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New law will attempt to curb distracted driving

Keizertimes Intern

Distracted driving contributed to the largest increase of traffic fatalities Oregon has seen in a decade, and on average eight people are hurt or killed by a distracted driver each day. Oregon legislators are hoping to curtail those trends with a new law.

On Oct. 1, Oregon House Bill 2597 takes effect making it illegal to drive while holding or using electronic devices such as cell phones and tablets, excluding hands-free or built-in devices. There are some exceptions, including the use of mobile devices while parked, but the bill asserts that it is not legal to use the device while at a stop light or stop sign.

According to the Oregon Department of Transportation (ODOT), there were 917 crashes, 14 fatalities, and over 1,000 injuries caused by drivers using a cellphone from 2011-2015. Second offenders, or first offenders who contribute to a crash, can find themselves paying up to $2,500 in fines, and third offenders can be faced with up to $6,500 in fines or a year in jail.

The bill isn’t just increased fines and strict enforcement, however. Starting January 1, 2018, the bill will allow courts to offer first-time offenders the option to suspend their fine and instead take a distracted driving course.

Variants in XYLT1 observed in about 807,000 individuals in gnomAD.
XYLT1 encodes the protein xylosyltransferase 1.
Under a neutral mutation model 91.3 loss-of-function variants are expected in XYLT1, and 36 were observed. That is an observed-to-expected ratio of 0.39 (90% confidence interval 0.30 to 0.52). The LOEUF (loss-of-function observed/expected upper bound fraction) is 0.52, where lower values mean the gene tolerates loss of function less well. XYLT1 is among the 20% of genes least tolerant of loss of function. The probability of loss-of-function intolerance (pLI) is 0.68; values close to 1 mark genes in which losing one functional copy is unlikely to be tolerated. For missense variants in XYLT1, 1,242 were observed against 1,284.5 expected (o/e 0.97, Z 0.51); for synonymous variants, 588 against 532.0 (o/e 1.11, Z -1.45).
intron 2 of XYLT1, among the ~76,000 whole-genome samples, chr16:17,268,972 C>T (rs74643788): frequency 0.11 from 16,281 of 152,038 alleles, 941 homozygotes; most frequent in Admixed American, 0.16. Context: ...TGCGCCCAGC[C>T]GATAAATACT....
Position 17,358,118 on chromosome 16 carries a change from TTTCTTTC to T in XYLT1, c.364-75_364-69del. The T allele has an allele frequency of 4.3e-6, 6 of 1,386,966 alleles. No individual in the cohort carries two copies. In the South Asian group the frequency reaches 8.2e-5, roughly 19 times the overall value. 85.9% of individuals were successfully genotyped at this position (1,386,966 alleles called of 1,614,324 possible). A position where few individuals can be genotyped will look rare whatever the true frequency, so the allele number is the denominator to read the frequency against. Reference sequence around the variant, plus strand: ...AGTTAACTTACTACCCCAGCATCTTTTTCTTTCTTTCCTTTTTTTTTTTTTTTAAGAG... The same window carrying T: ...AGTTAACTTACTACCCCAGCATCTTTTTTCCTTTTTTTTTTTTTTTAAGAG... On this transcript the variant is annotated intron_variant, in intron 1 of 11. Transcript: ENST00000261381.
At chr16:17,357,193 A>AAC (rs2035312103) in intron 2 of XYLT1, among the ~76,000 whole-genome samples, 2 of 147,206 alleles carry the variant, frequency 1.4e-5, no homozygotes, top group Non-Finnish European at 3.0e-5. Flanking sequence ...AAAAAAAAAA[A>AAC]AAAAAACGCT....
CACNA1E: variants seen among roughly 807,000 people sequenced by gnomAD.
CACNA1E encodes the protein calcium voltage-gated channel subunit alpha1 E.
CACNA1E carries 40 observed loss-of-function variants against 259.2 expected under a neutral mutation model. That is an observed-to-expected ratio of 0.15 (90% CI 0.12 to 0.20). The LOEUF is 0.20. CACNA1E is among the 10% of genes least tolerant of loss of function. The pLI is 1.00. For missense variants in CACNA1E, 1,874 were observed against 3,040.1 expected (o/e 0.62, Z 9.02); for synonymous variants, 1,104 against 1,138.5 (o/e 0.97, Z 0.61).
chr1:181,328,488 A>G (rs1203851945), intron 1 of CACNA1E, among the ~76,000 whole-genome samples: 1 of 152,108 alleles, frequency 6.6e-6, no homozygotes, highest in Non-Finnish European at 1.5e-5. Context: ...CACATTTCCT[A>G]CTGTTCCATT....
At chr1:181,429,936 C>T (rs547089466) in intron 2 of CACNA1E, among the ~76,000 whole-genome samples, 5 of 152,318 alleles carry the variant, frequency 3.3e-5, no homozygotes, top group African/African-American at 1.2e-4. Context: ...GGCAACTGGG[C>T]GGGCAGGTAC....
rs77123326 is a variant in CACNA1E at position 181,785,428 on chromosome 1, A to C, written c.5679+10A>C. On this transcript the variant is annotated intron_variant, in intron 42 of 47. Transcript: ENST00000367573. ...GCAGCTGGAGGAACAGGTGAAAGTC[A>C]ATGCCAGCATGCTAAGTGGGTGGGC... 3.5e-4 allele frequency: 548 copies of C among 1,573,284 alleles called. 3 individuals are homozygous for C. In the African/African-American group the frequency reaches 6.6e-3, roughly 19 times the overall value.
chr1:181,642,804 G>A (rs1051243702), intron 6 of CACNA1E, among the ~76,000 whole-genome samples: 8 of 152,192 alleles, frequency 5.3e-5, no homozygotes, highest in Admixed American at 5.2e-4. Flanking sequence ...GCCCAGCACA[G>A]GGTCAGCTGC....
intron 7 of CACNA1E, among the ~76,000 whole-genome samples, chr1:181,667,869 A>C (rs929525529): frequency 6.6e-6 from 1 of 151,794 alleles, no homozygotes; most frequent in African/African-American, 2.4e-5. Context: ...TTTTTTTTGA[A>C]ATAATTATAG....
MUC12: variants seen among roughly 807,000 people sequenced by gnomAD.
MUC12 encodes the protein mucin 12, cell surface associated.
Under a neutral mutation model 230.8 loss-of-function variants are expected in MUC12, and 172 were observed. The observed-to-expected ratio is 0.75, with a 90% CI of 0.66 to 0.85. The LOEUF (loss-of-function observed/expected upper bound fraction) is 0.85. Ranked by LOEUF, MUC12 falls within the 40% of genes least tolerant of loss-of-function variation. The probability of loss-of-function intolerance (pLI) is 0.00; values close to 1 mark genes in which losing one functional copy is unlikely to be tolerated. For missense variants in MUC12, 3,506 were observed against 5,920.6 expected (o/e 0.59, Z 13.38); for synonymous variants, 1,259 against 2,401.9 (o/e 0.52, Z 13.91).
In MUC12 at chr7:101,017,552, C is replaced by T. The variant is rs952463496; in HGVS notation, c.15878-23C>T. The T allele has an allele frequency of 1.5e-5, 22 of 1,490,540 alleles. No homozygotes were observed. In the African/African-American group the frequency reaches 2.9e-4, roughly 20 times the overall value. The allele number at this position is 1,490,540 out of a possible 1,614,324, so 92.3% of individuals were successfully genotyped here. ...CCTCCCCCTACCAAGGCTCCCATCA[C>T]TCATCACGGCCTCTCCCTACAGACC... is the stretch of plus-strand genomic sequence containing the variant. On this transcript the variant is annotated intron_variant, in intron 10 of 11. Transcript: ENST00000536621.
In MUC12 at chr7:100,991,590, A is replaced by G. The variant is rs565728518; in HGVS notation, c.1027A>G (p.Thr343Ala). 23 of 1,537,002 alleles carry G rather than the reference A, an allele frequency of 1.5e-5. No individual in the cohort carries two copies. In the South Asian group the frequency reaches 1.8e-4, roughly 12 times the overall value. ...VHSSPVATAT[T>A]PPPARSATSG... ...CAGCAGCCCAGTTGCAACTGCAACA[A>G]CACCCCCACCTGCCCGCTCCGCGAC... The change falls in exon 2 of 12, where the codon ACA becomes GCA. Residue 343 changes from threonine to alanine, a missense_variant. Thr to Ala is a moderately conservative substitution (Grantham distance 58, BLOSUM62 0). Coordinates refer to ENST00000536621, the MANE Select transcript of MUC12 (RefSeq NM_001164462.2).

House Bill 2597’s mandates are only one component in Oregon’s efforts to reduce distracted driving; ODOT’s DriveHealthy campaign hopes to incentivize drivers to practice safe habits with friendly competition. The campaign lets organizations and individuals use the LifeSaver app from Life Apps LLC to log cellphone use while driving and send scores to ODOT’s monthly leaderboard. Playing is easy: the less you use your phone while driving, the higher your score.

ODOT is confident in the campaign, as a similar one in Boston reduced distracted driving among participants by 47 percent.

“While technology helped create the problem,” said ODOT Director Matthew Garrett. “Technology can also help provide a solution to distracted driving.”